Found by Eddie McLean in the Glasgow area. George Eadie Hangingshaw Brickworks and Possil Brickworks, Possil Road, Glasgow. . . . .
(This would appear not to be part of the Blochairn sand and fire clay company albeit it was probably situated very close by)
19/07/1899 – Glasgow Herald -A special sub-committee of Glasgow Corporation on the utilisation of the clay in the lands of Eastern Blochairn has decided to recommend the Corporation to erect and carry on a brickwork as the bricks will be required in the construction of the new gas works there.
and on the same page of the newspaper
A corporation brickwork at Blochairn – The special Sub-Committee on the utilisation of clay in lands of Easter Blochairn have had before them a report by Mr David Rankine, C.S. and Mr Foulis. It states:-“There have been a large number of bores put down and several pits sunk on the lands of Easter Blochairn for testing the subsoil of the site upon which the new gas-works are to be erected upon these lands. The journals of bores have been considered, and the pits examined by us so that we might advise as to whether the clay disclosed therein is suitable for brick-making, and whether it is advisable for the Corporation to make it into bricks for the construction of the said new gas-works. The clay is light-coloured blue boulder clay, interspersed with small stones. It has been tested at Possil Brick Works in practical manufacture, and makes, a palish red-coloured brick of good quality for general building purposes. In connection with the erection of the purifiers at the new gas-works, there will be a surplus excavation of about 136,500 cubic yards of this clay, which would produce about 40,000,000 bricks. At other places, there will also be surplus excavations of similar clay, and the quantity might be otherwise greatly increased if that should be found expedient, as there is a great depth of clay. There is to place of deposit on the lands for the surplus excavations and it is apparent that, if they have to be taken to other lands, the expense will be incurred corresponding to the distance to which they may have to be carried. There will be a large quantity of bricks required in the construction of the new gas-works, one of the gas-holder tanks alone requiring about 4,000,000. If the surplus excavations were made into bricks the following economic and savings would be effected:-Expense of removing the surplus excavation to other lands, which might be moderately put at 1s per cubic yard: (2) carriage of bricks into brick-works, situated some distance from Blochairn, which might be put at not less than 1s per ton, or, say, 4s 6d per 1000 bricks; (3) the lordship which makers have to pay to proprietors on the clay made into bricks, and which may be taken at 9d per 1000 bricks. These three items, which make no allowance for makers’ profit would amount, on 40,000,000 bricks to £17,325. If brick-works were to be erected on the grounds they would have to be a lot of capacity that would use the surplus excavations quickly. Two machines worked single shift, would produce 5,500,000 bricks a year, and if double-shifted 11,000,000. the only extra plant needed for double-shifting is increased kiln accommodation. On careful consideration of the whole matter, we would recommend that a work be created consisting of two machines, with Hoffman kilns, equal to the production of 11,000,000 bricks per annum, and this, we estimate, could be done for £8000. It is apparent, from what is hereon obtained, that such a work would facilitate the creation of the new gas-works, would provide a brick wall suited for use on the grounds, and would leave a large margin of profit in addition to paying the cost of the erection of the brickworks.” The sub-committee recommend (1) that the plant referred to in the report be put down and worked by the Corporation upon said hands for the purpose of utilising the clay found therein for making the bricks which will be required in the construction of the new gas-works there: and (2) that Mr Rankine be employed to prepare the necessary plans and specifications for the plant and any requisite buildings, and to superintend the pulling down of the plant and the erection of the buildings; and that Mr Foulis be authorised to obtain and submit offers for providing the plant and erecting the buildings.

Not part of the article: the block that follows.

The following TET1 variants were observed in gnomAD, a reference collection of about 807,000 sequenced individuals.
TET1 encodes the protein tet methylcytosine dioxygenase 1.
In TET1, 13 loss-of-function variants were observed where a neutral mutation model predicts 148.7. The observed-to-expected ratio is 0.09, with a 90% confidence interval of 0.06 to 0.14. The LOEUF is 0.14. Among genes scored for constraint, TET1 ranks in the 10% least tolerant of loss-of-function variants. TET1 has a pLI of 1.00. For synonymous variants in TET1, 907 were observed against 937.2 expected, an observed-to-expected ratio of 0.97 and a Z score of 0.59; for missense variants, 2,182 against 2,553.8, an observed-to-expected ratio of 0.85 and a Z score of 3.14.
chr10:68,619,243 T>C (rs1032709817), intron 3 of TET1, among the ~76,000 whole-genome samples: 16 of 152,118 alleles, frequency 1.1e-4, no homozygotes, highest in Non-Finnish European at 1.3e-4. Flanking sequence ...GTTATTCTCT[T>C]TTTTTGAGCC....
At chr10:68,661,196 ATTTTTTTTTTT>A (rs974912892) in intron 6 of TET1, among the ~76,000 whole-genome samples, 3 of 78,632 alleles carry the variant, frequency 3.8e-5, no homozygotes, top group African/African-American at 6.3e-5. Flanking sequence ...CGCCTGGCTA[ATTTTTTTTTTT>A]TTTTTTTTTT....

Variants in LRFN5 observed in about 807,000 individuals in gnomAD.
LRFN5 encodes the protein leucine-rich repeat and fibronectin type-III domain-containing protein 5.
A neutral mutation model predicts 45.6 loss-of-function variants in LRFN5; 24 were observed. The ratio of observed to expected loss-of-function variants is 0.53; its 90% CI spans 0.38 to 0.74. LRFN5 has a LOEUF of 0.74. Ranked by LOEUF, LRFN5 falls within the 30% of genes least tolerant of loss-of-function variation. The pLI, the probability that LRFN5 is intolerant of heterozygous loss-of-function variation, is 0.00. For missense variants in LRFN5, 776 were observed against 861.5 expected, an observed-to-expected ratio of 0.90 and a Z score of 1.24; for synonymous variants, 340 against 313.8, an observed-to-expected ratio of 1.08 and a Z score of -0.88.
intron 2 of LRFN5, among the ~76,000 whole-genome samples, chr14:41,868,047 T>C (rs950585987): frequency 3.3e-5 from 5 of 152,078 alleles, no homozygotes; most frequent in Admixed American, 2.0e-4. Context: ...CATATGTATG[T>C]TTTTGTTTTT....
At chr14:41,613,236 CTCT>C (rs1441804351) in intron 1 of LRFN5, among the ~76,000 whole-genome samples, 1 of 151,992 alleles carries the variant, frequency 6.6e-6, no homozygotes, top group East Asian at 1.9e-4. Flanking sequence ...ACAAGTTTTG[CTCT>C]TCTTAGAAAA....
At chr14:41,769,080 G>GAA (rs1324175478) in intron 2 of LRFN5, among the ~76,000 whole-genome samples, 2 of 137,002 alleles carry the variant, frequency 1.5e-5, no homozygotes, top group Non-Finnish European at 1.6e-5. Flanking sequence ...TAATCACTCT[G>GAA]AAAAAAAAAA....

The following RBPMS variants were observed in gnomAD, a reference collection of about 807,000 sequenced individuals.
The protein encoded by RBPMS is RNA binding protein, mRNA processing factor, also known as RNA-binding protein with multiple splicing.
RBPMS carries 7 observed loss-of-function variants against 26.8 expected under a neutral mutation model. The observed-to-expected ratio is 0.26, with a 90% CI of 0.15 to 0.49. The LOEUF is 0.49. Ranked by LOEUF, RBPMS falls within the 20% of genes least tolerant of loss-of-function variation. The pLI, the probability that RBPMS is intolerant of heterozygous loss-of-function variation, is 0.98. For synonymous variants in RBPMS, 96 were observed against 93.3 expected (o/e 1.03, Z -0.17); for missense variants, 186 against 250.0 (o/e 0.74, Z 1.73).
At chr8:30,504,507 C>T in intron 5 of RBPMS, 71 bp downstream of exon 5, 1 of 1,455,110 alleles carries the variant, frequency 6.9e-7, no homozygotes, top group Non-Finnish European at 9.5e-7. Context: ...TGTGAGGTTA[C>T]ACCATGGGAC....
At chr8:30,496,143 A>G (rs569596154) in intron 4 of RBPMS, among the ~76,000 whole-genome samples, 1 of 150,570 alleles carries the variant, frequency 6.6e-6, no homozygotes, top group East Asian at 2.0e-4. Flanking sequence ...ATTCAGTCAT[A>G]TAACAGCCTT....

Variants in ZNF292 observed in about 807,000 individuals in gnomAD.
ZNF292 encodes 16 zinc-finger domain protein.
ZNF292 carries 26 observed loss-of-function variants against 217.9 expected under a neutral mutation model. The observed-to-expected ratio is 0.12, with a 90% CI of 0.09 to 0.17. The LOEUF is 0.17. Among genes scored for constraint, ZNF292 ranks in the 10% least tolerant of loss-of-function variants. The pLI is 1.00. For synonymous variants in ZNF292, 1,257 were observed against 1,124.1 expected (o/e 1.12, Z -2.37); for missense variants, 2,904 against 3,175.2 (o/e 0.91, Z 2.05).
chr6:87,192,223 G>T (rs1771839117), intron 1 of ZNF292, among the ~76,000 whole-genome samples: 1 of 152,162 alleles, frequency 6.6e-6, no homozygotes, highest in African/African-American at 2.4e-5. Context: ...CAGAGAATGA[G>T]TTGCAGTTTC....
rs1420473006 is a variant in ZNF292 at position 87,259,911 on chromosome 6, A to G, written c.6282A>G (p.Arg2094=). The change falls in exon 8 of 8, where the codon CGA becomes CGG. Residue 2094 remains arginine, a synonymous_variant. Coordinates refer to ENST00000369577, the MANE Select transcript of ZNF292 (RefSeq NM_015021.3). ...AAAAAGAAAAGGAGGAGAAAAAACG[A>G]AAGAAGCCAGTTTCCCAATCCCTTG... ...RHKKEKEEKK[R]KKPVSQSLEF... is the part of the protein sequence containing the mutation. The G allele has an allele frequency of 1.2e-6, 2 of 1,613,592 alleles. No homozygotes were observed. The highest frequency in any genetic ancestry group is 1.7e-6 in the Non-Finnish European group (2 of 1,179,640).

Below – 21/07/1899 – Glasgow Herald –